From its title on outwards, She Dies Tomorrow is an unsettling—and unsettled—experience. The new film from writer-director Amy Seimetz tracks the unravelling lives of a handful of people, approaching each of their situations in ways that feel familiar yet alien. While her film is not quite a full-on horror show, it does coalesce around a simple unseen and unquantifiable fear: we are indeed all going to die. What could be more upsetting than that?
The centre of She Dies Tomorrow is Amy (Kate Lyn Sheil), a recently relocated woman and recovering alcoholic. She’s not quite the film’s patient zero, but she is the vehicle for its unnerving contagion narrative. While the rest of the film moves ahead linearly, we see flashbacks to Amy’s past, coming to understand her current state. Along the way, we meet her sponsor Jane (Jane Adams), an artist on her own journey, the married couple of Jason (Chris Messina) and Susan (Katie Aselton), and others in their wake. What these people have in common is what we’re all clinging to: life, and a desire to keep living it. Seimetz’s film acts then as a solvent, dissolving the membrane between carrying on in one’s self-involved little world, to becoming consumed by its sudden end. As a result, the film oscillates between the absurdity of this exchange, juxtaposing darkly comic moments (as when a couple, played by Tunde Adebimpe and Jennifer Kim, decide to confront each other) with scenes of straight-up darkness.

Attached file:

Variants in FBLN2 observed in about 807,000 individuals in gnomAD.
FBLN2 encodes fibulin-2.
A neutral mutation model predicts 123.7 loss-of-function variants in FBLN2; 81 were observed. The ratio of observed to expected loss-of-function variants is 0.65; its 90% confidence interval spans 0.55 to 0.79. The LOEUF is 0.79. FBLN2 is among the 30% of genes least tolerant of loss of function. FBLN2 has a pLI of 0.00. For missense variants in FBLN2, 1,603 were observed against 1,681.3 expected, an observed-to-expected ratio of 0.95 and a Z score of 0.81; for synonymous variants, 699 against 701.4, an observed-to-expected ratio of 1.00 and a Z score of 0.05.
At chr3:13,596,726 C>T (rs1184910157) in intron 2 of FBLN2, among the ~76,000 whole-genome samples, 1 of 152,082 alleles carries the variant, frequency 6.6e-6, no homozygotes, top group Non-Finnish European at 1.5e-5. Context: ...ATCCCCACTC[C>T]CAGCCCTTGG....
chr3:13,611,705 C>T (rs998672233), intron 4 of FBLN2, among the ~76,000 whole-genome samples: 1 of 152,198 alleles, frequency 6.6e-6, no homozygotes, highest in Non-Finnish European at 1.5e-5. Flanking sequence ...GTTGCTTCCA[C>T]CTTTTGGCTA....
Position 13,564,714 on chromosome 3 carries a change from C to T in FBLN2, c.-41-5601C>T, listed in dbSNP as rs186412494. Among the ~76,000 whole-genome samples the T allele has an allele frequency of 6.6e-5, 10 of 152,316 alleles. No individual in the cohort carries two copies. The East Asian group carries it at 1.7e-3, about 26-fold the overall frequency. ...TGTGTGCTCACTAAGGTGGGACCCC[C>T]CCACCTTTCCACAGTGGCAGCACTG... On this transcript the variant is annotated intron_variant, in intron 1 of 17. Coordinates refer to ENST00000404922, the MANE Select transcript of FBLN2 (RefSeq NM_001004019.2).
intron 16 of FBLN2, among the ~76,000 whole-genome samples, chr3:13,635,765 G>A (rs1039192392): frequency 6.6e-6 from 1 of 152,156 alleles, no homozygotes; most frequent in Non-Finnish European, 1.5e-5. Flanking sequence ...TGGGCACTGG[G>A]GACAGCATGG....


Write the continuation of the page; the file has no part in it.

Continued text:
It’s hard to say She Dies Tomorrow is an enjoyable experience per se, but it is an inventive one. What’s more, Seimetz layers the film in such a way to invite repeat viewings. You may find yourself eager to re-watch to see how these jagged little pieces fit together and to appreciate just how much craft has gone into their assembly. Of course, the film’s real trick is making something that feels known and unknowable at the same time. It’s absurd to know you’ll die tomorrow, but what if that’s true? Yikes.